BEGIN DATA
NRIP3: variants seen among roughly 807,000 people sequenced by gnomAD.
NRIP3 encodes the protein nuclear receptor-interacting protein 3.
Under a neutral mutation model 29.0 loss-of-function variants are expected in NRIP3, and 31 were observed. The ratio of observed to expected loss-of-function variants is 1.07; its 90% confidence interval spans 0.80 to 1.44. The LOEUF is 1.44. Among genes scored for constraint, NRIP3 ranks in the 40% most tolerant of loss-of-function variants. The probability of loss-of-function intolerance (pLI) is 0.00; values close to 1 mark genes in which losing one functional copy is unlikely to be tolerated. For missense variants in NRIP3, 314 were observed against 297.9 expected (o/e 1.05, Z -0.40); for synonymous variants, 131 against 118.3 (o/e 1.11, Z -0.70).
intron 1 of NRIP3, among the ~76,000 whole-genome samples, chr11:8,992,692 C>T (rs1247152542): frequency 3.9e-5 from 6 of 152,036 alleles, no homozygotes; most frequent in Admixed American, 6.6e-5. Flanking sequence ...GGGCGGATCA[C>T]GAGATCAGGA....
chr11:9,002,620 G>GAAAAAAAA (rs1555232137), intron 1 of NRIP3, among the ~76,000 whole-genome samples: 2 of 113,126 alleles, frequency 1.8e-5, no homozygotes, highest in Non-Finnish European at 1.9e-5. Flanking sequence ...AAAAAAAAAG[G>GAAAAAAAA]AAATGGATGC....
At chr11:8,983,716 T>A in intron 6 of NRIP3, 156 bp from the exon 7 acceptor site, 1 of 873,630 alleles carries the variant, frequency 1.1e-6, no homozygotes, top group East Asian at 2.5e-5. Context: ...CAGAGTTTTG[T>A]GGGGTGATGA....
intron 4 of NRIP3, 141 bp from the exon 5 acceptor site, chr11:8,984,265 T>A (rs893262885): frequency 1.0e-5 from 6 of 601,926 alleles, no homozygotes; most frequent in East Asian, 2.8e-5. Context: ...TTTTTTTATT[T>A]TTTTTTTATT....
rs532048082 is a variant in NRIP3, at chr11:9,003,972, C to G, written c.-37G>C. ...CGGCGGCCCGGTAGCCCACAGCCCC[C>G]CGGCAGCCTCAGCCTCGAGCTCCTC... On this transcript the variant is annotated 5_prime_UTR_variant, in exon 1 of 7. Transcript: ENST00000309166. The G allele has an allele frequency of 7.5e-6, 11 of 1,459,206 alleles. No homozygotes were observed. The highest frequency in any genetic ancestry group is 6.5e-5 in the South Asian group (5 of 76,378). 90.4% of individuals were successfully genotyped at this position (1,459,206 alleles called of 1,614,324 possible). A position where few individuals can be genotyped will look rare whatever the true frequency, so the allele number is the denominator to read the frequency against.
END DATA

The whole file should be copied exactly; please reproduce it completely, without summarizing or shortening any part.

NRIP3: variants seen among roughly 807,000 people sequenced by gnomAD.
NRIP3 encodes the protein nuclear receptor-interacting protein 3.
Under a neutral mutation model 29.0 loss-of-function variants are expected in NRIP3, and 31 were observed. The ratio of observed to expected loss-of-function variants is 1.07; its 90% confidence interval spans 0.80 to 1.44. The LOEUF is 1.44. Among genes scored for constraint, NRIP3 ranks in the 40% most tolerant of loss-of-function variants. The probability of loss-of-function intolerance (pLI) is 0.00; values close to 1 mark genes in which losing one functional copy is unlikely to be tolerated. For missense variants in NRIP3, 314 were observed against 297.9 expected (o/e 1.05, Z -0.40); for synonymous variants, 131 against 118.3 (o/e 1.11, Z -0.70).
intron 1 of NRIP3, among the ~76,000 whole-genome samples, chr11:8,992,692 C>T (rs1247152542): frequency 3.9e-5 from 6 of 152,036 alleles, no homozygotes; most frequent in Admixed American, 6.6e-5. Flanking sequence ...GGGCGGATCA[C>T]GAGATCAGGA....
chr11:9,002,620 G>GAAAAAAAA (rs1555232137), intron 1 of NRIP3, among the ~76,000 whole-genome samples: 2 of 113,126 alleles, frequency 1.8e-5, no homozygotes, highest in Non-Finnish European at 1.9e-5. Flanking sequence ...AAAAAAAAAG[G>GAAAAAAAA]AAATGGATGC....
At chr11:8,983,716 T>A in intron 6 of NRIP3, 156 bp from the exon 7 acceptor site, 1 of 873,630 alleles carries the variant, frequency 1.1e-6, no homozygotes, top group East Asian at 2.5e-5. Context: ...CAGAGTTTTG[T>A]GGGGTGATGA....
intron 4 of NRIP3, 141 bp from the exon 5 acceptor site, chr11:8,984,265 T>A (rs893262885): frequency 1.0e-5 from 6 of 601,926 alleles, no homozygotes; most frequent in East Asian, 2.8e-5. Context: ...TTTTTTTATT[T>A]TTTTTTTATT....
rs532048082 is a variant in NRIP3, at chr11:9,003,972, C to G, written c.-37G>C. ...CGGCGGCCCGGTAGCCCACAGCCCC[C>G]CGGCAGCCTCAGCCTCGAGCTCCTC... On this transcript the variant is annotated 5_prime_UTR_variant, in exon 1 of 7. Transcript: ENST00000309166. The G allele has an allele frequency of 7.5e-6, 11 of 1,459,206 alleles. No homozygotes were observed. The highest frequency in any genetic ancestry group is 6.5e-5 in the South Asian group (5 of 76,378). 90.4% of individuals were successfully genotyped at this position (1,459,206 alleles called of 1,614,324 possible). A position where few individuals can be genotyped will look rare whatever the true frequency, so the allele number is the denominator to read the frequency against.